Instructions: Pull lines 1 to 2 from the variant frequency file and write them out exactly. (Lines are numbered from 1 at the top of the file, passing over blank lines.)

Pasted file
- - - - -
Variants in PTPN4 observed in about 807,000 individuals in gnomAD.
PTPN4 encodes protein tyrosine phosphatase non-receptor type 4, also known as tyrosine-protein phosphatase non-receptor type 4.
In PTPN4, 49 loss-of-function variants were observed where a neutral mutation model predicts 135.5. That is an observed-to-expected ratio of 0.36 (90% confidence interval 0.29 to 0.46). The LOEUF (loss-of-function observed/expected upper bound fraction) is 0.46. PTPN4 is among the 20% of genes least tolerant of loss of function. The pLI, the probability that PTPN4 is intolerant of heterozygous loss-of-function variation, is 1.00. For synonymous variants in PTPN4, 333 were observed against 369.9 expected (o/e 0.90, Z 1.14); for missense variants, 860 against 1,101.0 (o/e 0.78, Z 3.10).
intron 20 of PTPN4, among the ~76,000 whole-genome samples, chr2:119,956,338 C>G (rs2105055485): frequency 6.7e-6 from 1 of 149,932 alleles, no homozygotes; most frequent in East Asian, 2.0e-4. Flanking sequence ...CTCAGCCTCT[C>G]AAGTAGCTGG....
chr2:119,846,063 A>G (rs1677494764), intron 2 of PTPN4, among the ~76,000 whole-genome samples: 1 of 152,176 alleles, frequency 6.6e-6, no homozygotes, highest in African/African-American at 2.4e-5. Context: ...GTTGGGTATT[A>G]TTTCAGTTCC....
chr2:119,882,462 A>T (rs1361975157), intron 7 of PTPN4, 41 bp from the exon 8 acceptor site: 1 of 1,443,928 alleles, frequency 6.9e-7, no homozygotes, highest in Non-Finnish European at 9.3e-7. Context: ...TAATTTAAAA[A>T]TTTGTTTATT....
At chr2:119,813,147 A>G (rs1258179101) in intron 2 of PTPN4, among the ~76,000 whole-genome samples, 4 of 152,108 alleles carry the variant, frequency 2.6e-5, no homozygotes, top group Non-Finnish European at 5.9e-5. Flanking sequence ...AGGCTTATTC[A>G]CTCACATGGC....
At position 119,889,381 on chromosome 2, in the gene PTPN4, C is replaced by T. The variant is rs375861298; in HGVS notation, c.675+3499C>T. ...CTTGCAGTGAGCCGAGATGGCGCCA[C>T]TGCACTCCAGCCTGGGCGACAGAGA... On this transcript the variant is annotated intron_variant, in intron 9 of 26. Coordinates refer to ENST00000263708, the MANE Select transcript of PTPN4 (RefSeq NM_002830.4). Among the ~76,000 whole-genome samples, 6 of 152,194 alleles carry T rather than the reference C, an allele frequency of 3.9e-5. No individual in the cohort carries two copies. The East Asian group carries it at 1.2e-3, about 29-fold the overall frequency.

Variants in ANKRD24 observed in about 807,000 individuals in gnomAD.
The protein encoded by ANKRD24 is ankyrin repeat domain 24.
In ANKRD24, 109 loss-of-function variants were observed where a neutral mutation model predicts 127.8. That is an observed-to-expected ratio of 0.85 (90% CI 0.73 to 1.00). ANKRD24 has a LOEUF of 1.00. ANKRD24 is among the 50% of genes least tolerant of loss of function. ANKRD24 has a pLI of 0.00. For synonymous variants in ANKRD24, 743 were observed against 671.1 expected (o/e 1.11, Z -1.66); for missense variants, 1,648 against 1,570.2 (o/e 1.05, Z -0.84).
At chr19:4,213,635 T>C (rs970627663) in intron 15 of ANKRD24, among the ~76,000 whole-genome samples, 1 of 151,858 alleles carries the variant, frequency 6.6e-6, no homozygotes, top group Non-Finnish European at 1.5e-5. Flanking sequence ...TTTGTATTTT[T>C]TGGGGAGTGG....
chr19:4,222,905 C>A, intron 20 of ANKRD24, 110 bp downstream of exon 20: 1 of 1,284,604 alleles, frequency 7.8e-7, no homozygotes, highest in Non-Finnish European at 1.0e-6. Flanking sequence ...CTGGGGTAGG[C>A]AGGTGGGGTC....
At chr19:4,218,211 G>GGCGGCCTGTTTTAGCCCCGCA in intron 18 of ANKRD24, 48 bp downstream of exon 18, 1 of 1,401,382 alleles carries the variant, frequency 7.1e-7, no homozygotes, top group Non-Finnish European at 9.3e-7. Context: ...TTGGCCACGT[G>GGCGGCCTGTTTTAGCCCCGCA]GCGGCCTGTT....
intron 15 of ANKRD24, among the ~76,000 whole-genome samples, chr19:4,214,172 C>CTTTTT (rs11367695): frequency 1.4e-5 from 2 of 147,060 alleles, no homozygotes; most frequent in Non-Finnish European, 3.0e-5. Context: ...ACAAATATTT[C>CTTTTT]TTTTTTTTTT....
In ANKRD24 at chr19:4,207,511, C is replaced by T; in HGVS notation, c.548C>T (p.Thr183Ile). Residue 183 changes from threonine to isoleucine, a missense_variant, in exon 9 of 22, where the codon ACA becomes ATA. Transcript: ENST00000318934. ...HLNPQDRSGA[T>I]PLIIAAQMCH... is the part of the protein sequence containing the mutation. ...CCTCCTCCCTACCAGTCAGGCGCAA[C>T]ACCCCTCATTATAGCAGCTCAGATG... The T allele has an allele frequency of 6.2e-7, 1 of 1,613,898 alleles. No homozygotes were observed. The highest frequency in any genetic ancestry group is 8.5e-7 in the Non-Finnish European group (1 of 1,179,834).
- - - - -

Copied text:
Variants in PTPN4 observed in about 807,000 individuals in gnomAD.
PTPN4 encodes protein tyrosine phosphatase non-receptor type 4, also known as tyrosine-protein phosphatase non-receptor type 4.